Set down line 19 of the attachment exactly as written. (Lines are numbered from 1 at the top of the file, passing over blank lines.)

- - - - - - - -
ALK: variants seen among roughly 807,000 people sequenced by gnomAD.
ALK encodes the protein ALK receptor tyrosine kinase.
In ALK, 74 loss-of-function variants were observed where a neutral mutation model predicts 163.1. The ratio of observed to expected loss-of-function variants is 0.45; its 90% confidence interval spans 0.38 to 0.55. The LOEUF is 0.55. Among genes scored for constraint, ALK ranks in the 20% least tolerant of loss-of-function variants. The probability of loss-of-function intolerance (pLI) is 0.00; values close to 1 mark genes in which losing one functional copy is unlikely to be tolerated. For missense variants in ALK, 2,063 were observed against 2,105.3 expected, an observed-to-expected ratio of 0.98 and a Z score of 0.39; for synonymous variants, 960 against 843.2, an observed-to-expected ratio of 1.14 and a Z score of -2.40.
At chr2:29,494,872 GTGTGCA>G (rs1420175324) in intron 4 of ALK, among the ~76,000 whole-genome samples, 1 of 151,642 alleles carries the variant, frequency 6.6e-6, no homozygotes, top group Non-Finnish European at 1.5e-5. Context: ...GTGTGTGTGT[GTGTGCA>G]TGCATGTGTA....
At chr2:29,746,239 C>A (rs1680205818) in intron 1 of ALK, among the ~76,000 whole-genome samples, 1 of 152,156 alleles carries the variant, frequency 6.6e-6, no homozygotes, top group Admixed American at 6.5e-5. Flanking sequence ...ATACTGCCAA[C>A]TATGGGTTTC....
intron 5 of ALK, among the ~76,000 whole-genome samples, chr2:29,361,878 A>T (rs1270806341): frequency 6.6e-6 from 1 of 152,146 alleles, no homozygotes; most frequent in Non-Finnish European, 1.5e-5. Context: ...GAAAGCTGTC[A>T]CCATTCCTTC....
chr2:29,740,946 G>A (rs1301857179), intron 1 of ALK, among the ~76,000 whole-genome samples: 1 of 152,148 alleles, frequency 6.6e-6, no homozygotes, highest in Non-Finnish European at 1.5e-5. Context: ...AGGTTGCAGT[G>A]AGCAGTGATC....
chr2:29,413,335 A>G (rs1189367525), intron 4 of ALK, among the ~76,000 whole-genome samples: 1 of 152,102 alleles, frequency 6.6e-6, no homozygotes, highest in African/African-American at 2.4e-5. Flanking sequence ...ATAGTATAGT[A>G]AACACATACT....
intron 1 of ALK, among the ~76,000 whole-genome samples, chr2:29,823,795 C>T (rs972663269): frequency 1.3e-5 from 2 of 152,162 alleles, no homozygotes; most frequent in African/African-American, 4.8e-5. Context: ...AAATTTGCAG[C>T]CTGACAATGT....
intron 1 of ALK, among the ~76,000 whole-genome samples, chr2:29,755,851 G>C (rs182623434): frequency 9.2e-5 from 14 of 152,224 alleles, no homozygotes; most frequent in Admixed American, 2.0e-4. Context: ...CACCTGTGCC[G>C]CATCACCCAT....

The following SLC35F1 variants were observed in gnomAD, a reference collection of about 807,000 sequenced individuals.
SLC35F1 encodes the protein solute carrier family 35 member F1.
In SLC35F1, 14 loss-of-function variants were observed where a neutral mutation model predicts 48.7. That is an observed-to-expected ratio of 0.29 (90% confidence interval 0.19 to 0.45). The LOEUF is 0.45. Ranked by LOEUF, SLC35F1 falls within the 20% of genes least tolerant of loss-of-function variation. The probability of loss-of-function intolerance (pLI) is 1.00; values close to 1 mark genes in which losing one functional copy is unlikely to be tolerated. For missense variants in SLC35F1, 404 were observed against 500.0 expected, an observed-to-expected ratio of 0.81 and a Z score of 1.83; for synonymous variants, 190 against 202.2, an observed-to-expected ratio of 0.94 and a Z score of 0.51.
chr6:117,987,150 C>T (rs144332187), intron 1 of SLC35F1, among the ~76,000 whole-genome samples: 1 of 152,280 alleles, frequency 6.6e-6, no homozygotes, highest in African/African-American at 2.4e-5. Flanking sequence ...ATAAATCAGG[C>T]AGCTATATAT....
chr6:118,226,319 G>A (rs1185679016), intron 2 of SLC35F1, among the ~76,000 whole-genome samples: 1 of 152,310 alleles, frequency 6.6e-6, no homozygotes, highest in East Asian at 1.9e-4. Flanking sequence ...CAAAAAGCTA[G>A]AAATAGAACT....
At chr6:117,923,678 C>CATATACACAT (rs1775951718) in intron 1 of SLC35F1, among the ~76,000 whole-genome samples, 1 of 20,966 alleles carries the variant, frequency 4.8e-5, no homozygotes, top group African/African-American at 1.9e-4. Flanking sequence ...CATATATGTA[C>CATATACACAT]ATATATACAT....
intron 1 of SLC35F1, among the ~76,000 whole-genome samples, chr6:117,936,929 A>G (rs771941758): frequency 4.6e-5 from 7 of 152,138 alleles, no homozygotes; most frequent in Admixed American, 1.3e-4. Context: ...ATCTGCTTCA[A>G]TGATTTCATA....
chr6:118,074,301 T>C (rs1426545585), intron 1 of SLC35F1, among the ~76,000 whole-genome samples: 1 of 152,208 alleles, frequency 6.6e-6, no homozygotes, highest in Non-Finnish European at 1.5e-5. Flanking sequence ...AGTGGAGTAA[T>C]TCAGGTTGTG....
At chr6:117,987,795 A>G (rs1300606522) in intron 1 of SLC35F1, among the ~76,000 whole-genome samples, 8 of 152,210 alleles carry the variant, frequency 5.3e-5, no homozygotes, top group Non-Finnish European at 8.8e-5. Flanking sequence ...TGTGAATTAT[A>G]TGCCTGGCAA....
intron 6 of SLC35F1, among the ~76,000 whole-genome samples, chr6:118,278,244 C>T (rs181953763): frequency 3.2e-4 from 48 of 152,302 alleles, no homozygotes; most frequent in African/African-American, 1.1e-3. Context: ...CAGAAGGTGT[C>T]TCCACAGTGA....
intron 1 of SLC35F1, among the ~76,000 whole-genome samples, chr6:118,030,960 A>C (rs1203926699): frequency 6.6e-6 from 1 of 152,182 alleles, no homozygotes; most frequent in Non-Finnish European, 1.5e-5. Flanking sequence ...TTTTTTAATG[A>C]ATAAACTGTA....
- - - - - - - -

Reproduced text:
At chr6:117,987,795 A>G (rs1300606522) in intron 1 of SLC35F1, among the ~76,000 whole-genome samples, 8 of 152,210 alleles carry the variant, frequency 5.3e-5, no homozygotes, top group Non-Finnish European at 8.8e-5. Flanking sequence ...TGTGAATTAT[A>G]TGCCTGGCAA....